Intertwining the disciplines of Health Psychology and Public Health together is more salient now than ever before. As behaviour change and behavioural science move higher and higher up the agenda in public health and other related disciplines, health psychology is embracing the chance to shine.
One of the strengths of health psychology lies in the science of behaviour change, from individual and community, right up to population level interventions. Using theoretically-driven and evidence-based methodologies, health psychologists are well equipped to design, deliver and evaluate public health programmes, providing a protocol for the replication of effective interventions that can be rolled out to scale. This is essential for an ever decreasing public health budget, and the need to address population health and wellness.
Our Network has come a long way in our first three years and our events have been a huge success, attracting noteworthy speakers and delegates from across the country. We have had attendance from a good mix of professionals and trainees from the two disciplines, helping to develop our understanding of the challenges faced when bringing research and practice in the two areas together. Health psychology, by nature, is scientific and thus academic, often reflected through detailed understanding of a topic area, which in essence takes time, and, therefore, can be resource-intensive. Public health in comparison, works on much shorter timeframes, and must react to the populations in which it serves, with limited budget. More work is needed to forge forward the practicalities of bringing health psychology and public health together to enhance the health of the nation.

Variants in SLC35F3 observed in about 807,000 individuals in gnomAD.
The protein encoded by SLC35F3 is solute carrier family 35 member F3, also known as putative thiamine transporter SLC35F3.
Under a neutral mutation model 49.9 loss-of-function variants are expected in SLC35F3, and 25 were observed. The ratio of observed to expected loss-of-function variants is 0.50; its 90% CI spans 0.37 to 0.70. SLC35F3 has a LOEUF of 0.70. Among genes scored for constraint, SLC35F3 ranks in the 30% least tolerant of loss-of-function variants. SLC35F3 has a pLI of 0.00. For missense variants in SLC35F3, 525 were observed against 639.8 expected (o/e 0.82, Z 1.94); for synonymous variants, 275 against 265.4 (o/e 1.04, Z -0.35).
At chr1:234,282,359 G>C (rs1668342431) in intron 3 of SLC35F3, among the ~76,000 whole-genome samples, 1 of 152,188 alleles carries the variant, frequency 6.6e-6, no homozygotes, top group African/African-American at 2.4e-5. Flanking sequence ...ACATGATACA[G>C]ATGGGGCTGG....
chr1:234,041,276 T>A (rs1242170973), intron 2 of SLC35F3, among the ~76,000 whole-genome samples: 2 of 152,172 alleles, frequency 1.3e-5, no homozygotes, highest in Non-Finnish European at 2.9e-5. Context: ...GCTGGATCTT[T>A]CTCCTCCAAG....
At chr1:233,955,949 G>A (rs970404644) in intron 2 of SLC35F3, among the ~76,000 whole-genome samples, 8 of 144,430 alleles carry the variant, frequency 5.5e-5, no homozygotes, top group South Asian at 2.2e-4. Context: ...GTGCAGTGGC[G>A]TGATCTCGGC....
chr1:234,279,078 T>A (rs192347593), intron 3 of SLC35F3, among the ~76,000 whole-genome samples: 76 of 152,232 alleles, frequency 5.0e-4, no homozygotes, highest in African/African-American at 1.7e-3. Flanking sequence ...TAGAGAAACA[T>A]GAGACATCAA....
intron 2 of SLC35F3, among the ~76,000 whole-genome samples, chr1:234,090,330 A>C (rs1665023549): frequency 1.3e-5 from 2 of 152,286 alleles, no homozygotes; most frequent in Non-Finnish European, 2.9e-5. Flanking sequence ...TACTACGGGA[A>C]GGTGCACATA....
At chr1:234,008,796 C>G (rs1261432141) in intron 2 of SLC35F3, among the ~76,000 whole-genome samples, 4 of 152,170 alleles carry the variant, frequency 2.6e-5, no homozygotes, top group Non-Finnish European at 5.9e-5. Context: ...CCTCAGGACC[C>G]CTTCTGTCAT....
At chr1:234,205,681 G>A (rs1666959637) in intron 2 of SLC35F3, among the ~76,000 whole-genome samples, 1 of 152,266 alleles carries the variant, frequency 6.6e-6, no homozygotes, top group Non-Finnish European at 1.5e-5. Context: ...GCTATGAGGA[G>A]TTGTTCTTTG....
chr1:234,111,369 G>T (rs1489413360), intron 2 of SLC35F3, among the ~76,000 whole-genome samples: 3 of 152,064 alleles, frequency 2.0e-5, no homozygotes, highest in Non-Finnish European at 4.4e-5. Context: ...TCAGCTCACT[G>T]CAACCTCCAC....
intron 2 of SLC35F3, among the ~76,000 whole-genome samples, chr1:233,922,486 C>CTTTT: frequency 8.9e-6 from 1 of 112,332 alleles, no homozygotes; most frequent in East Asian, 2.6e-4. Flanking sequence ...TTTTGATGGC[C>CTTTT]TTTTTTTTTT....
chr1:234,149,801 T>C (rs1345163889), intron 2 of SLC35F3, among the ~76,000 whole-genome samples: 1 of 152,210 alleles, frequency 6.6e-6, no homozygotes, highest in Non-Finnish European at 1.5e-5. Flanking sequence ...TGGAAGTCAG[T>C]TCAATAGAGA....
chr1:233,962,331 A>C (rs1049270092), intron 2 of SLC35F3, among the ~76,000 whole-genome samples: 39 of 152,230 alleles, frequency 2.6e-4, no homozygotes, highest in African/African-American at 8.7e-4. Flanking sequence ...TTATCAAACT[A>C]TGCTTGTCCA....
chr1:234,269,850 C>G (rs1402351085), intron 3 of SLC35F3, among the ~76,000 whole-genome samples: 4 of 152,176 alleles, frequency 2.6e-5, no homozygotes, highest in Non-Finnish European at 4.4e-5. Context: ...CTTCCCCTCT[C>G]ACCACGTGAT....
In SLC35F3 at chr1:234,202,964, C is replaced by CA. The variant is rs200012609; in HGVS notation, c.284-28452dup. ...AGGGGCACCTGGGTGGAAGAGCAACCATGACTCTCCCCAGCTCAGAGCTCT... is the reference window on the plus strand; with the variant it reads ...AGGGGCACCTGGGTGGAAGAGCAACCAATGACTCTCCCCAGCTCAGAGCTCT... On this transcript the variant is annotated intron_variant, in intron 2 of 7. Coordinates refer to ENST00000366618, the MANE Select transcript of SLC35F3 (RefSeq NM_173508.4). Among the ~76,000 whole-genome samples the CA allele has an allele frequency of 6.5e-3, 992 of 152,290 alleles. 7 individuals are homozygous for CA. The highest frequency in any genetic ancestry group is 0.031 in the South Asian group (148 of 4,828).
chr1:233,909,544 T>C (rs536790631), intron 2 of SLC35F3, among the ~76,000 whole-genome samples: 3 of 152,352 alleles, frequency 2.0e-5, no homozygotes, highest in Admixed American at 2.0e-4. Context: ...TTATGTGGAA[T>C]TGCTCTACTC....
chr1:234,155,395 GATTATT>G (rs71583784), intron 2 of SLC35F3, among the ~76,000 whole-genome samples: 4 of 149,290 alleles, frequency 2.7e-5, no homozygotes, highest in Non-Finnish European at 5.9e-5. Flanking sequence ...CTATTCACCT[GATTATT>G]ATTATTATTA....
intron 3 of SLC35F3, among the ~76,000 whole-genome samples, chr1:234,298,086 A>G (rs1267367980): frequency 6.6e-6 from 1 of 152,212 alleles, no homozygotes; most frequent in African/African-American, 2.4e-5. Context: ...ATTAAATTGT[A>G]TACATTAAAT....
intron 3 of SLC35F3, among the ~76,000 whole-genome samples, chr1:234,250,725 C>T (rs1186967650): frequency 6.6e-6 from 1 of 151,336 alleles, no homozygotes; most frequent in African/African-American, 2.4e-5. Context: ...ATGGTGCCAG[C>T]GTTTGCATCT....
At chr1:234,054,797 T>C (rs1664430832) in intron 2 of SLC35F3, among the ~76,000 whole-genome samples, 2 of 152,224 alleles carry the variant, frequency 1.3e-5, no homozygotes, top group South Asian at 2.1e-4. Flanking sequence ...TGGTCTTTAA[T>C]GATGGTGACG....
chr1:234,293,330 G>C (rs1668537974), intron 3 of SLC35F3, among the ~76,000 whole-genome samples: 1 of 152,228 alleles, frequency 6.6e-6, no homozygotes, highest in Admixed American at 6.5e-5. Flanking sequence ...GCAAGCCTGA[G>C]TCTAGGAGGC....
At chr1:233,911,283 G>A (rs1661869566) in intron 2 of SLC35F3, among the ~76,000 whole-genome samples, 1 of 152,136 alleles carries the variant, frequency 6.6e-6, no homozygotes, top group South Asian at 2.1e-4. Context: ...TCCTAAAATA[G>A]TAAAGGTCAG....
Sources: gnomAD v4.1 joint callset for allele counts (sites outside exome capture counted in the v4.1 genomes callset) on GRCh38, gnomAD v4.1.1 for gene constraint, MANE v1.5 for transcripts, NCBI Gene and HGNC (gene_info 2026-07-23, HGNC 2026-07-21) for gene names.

We hope that the Health Psychology in Public Health Network can go some way in facilitating this mission. Our foundations continue to grow and we have become a stakeholder in discussions with both the British Psychological Society’s Division of Health Psychology (DHP) and Public Health England, a huge achievement for our third birthday!
In my welcome address at our annual conference on the 20th February 2017, we took a tour through the volume of work in the area of behaviour change over the last few decades. Here are a few things to note:
- 2003 – The secondment of Health Psychologists from the BPS Division of Health Psychology to the UK Department of Health’s Division of Public Health, described in the Psychologist (Abraham & Michie, 2005). This paper draws on some core similarities of the competencies in Health Psychology training and the UK Voluntary Register for Public Health Specialists – a conversation that should perhaps be re-visited.
- 2004 - Health Psychology input into the White paper ‘Choosing Health’, highlighting the need to consider the BioPsychoSocial Approach to health promotion and disease prevention.
- 2007 - NICE Guidance on Behaviour Change: General Approaches [PH6], setting the priorities in this area.
- 2007 – In the same year, we saw the first funded places for Health Psychology training (Stage 2) through the NHS Education for Scotland (NES) and Health Boards to meet NHS Scotland health improvement targets. This continues to date.
- 2008 – Launch of the Improving Health: Changing Behaviour: NHS Health Trainer Handbook (Michie et al., 2008), a highly recommended resource.
- 2010 – Development of the Health Behaviour Change Competency Framework (Dixon & Johnston, 2010), highlighting the competencies of those working in the area of behaviour change.